For the past eight months, the idea of a coronavirus vaccine has become an emotional touchstone for many Americans. And now, we’re closer than ever to seeing it realized— but what will it take to deliver the dosage to the average person?
The pharmaceutical corporation Pfizer announced its vaccine may be 90% effective, based on early test results, and the company is on track to apply for emergency-use approval from the Food and Drug Administration this month. Dr. Anthony Fauci called the results “extraordinary” and said that “not very many people expected it would be as high as that.” But even so, it could be quite some time until average Americans are vaccinated. Much of the logistics and financial burden of creating a vaccine distribution structure in the U.S. has fallen on state governments, and many states say they need significant federal funding to be able to run a successful vaccination program.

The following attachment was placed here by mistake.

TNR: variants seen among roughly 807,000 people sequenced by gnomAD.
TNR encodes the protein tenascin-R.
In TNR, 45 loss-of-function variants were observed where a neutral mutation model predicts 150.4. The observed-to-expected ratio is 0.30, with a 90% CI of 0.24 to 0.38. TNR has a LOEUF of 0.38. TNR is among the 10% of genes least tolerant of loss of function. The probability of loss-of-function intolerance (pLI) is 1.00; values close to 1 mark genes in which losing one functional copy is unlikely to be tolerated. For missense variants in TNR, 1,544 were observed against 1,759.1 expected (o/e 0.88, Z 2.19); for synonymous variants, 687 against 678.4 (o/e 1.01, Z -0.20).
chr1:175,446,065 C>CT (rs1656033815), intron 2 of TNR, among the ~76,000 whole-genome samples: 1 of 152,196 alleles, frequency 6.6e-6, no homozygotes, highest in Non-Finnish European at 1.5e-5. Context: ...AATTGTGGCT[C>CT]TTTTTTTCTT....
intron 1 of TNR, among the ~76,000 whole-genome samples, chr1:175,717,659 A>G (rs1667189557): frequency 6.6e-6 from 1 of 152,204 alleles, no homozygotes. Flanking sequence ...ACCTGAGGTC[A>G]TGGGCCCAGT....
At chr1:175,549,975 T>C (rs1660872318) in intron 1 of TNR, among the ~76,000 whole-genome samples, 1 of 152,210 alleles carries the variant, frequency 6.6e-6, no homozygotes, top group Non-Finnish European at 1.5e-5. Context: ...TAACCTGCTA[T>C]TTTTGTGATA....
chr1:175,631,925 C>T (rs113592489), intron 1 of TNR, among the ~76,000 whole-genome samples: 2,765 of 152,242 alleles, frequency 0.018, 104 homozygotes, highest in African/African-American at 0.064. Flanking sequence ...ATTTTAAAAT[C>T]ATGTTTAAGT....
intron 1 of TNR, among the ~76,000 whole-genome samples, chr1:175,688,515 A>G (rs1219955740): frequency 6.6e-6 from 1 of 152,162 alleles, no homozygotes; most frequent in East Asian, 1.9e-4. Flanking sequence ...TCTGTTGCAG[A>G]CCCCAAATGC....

What are the challenges to scaling up operations and creating a robust distribution infrastructure for a vaccine? And when are Americans likely to get it? We're learning more now. Questions? Give us a call at 866-893-5722.
Angelica LaVito, health reporter at Bloomberg and co-author of the recent piece “Amid Hope for Pfizer Vaccine, States Grapple With Distribution”; she tweets @angelicalavito